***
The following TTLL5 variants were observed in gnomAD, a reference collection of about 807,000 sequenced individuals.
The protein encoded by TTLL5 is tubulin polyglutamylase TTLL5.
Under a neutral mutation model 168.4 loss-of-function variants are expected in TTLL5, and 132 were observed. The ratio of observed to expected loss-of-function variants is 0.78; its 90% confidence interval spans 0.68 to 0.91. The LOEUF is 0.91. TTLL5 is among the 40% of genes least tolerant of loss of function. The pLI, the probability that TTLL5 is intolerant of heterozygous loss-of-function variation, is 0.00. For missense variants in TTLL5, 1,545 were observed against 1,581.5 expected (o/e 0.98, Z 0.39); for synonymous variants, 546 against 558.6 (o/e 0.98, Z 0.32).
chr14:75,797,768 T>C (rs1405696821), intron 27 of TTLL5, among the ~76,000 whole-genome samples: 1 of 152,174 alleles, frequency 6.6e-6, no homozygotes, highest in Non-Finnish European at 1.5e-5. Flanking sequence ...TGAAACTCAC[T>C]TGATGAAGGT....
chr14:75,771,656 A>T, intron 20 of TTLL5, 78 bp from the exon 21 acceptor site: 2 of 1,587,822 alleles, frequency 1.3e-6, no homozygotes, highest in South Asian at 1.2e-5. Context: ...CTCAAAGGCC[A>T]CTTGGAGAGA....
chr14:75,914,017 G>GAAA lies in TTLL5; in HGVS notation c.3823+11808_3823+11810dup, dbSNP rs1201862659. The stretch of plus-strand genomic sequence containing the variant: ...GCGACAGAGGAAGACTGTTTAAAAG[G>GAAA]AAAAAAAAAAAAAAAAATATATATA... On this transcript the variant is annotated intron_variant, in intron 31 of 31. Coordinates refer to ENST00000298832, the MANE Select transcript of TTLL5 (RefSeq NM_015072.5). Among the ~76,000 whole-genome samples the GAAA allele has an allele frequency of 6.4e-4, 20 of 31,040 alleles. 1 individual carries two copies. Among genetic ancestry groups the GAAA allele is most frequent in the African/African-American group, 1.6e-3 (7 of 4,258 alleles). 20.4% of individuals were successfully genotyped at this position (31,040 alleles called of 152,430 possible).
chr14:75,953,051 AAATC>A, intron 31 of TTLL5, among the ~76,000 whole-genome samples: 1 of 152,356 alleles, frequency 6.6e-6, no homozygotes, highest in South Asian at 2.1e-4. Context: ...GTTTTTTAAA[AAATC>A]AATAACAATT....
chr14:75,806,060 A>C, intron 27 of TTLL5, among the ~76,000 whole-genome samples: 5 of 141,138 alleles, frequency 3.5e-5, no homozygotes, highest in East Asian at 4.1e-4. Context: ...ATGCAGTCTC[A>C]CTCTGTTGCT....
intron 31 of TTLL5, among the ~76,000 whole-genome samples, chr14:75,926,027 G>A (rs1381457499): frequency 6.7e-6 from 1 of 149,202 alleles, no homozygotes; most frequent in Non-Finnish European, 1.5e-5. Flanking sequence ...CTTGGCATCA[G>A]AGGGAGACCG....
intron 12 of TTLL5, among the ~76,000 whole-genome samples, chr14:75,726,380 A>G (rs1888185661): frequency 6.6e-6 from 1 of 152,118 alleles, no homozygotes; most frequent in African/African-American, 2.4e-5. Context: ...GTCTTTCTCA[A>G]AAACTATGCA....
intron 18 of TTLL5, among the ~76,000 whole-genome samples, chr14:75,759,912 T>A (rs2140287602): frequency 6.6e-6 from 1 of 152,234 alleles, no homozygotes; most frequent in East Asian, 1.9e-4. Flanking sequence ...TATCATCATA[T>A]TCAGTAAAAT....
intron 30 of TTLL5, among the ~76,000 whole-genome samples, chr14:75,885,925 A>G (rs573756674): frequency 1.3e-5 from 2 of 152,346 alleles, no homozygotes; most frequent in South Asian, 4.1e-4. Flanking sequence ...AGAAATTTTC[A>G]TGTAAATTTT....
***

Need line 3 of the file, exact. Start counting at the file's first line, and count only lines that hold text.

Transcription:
Under a neutral mutation model 168.4 loss-of-function variants are expected in TTLL5, and 132 were observed. The ratio of observed to expected loss-of-function variants is 0.78; its 90% confidence interval spans 0.68 to 0.91. The LOEUF is 0.91. TTLL5 is among the 40% of genes least tolerant of loss of function. The pLI, the probability that TTLL5 is intolerant of heterozygous loss-of-function variation, is 0.00. For missense variants in TTLL5, 1,545 were observed against 1,581.5 expected (o/e 0.98, Z 0.39); for synonymous variants, 546 against 558.6 (o/e 0.98, Z 0.32).